But that is why science fiction in space travel is so fascinating. Storytellers create worlds that have never existed, madly building on a fragment of evidence. At the edge of real life, they precariously dive into the future with their boundless imagination.
Dan Matutina, an avid reader of science fiction books and adventure, finds himself bringing it front and center in his recent works as an illustrator and graphic designer. The fantasy of a childhood dream of becoming an astronaut and lunar exploration lives on in his illustrations.
And now with another venue to experiment, he explores the element of space, as one of the components of design encapsulated within a story that takes him to outer space. He opens the exhibit with his story of a hero off to see the conclusion or the beginning of worlds, to document, and be in awe of a rare opportunity presented to him. The illuminated sculptures act as bookends to the story. The breaking and the shattering into pieces, is a metaphor that shines a light to the unknown.
Crossing borders and thundering through a foreign countryside, Dan sees something surreal. In the middle of a field, rolled up haystacks bask under the stark afternoon sun. Not quick enough in grabbing his camera, he settles for furiously sketching that image from memory. That is how his imagination takes off. Real life adventures give birth to new artistic work.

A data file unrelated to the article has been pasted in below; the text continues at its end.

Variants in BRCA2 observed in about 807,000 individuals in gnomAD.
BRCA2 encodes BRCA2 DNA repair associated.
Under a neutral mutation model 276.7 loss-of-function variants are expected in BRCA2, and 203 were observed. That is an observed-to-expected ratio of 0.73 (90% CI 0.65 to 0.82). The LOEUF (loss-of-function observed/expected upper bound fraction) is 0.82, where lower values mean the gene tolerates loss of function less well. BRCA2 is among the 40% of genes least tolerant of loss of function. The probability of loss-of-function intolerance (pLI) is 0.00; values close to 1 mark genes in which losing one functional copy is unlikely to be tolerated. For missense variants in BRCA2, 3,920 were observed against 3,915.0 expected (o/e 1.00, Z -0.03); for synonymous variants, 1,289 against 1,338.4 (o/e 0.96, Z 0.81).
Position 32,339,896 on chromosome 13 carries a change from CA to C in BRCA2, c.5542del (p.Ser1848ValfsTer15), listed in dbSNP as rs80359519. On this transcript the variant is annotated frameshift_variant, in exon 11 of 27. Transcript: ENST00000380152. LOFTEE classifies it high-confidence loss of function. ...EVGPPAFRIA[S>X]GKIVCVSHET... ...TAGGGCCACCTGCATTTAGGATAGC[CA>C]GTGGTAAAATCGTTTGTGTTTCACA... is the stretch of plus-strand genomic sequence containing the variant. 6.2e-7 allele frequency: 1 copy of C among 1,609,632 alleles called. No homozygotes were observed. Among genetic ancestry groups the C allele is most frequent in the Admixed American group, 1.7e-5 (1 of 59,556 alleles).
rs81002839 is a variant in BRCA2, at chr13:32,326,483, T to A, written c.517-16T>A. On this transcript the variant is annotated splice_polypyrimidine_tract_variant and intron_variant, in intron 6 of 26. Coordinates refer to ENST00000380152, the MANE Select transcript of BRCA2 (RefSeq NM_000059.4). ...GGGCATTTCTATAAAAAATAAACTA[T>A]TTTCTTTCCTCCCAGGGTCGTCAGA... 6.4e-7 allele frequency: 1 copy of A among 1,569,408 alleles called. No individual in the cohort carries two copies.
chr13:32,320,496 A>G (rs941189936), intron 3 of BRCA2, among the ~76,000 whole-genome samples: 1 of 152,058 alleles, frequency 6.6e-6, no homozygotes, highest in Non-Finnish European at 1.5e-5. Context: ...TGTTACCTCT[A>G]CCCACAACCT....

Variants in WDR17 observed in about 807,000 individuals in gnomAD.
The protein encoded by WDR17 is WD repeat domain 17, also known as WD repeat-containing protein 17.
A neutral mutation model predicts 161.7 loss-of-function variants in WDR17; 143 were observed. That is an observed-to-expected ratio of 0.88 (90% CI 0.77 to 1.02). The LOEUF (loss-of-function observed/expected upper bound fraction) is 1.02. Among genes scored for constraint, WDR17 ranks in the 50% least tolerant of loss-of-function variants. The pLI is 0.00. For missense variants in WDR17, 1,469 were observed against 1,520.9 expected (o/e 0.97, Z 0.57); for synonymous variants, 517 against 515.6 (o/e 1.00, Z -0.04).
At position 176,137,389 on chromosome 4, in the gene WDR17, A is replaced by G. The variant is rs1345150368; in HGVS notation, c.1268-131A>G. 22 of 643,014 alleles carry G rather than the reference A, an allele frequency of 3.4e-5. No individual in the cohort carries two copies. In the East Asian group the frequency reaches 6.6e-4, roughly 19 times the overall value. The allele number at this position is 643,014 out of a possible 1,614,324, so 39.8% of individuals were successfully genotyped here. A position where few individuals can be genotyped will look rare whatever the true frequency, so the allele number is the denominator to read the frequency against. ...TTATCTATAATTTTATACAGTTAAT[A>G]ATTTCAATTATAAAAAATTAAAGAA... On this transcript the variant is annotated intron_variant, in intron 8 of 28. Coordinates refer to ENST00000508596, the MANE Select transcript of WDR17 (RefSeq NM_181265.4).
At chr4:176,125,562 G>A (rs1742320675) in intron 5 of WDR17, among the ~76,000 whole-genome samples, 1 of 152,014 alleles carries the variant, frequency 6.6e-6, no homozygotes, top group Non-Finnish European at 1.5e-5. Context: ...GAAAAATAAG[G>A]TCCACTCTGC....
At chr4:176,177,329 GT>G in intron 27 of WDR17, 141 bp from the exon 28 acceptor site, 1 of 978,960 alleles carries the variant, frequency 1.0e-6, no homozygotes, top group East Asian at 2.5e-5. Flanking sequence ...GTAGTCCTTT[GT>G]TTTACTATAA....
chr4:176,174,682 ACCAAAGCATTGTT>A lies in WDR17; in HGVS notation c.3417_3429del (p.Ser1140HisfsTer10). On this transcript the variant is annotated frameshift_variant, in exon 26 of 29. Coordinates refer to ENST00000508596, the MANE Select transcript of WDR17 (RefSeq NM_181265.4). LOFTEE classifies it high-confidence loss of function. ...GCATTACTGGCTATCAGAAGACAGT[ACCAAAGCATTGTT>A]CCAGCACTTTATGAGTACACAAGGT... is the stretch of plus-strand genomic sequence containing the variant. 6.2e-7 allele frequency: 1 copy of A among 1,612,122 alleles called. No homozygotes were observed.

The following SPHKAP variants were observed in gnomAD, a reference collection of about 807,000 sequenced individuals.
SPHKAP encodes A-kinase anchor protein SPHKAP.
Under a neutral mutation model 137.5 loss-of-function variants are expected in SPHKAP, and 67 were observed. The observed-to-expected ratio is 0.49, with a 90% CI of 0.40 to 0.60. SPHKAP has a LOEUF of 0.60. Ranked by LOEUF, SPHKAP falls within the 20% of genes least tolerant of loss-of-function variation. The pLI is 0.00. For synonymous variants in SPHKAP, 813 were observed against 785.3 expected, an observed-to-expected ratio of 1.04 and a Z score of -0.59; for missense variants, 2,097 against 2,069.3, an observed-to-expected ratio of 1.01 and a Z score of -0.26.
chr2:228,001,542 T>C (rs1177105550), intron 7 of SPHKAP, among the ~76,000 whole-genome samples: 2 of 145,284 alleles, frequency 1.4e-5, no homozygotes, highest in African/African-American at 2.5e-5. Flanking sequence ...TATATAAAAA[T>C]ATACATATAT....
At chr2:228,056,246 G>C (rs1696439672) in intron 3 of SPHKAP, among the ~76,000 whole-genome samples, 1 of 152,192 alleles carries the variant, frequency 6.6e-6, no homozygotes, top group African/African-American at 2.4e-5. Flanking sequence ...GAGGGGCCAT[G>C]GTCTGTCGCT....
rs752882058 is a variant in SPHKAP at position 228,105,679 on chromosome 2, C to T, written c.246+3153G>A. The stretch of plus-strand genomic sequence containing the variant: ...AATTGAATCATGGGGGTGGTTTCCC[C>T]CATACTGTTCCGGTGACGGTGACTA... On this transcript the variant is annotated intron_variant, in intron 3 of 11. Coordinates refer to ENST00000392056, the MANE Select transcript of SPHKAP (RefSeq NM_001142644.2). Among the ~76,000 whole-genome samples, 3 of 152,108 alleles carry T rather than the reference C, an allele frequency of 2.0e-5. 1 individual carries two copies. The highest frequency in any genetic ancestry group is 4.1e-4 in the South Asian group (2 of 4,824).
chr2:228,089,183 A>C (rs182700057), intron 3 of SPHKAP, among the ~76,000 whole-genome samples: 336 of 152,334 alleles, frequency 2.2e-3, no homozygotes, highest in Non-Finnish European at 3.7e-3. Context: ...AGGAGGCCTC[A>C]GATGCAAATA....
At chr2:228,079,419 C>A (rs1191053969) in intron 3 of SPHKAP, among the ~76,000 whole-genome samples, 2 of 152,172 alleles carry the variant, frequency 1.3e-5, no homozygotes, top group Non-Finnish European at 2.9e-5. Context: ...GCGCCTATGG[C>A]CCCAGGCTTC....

Taking cues from his sketches, he proposes to create new images that are equivalent of a haiku. He attempts to strip landscapes down to its essential, most basic shapes. Putting aside his usual preference for heavily textured digital illustrations, he decides to experiment with serigraph printmaking. With black paint, he lays down the distinct figures against the textured expanse of white watercolor paper. At the tail end of the exhibit, pieces from broken planets are siphoned into the second sculpture that will take them to another unknown galaxy.
Because there’s a limit to what we know, we can’t always rely on the truth. Fiction does not hold us back. It helps us spring forward into new worlds. This is just one way it can end, or we can find another storyline to follow. We can go through that wormhole and see where that new mystery will take us.
Words by Dang Sering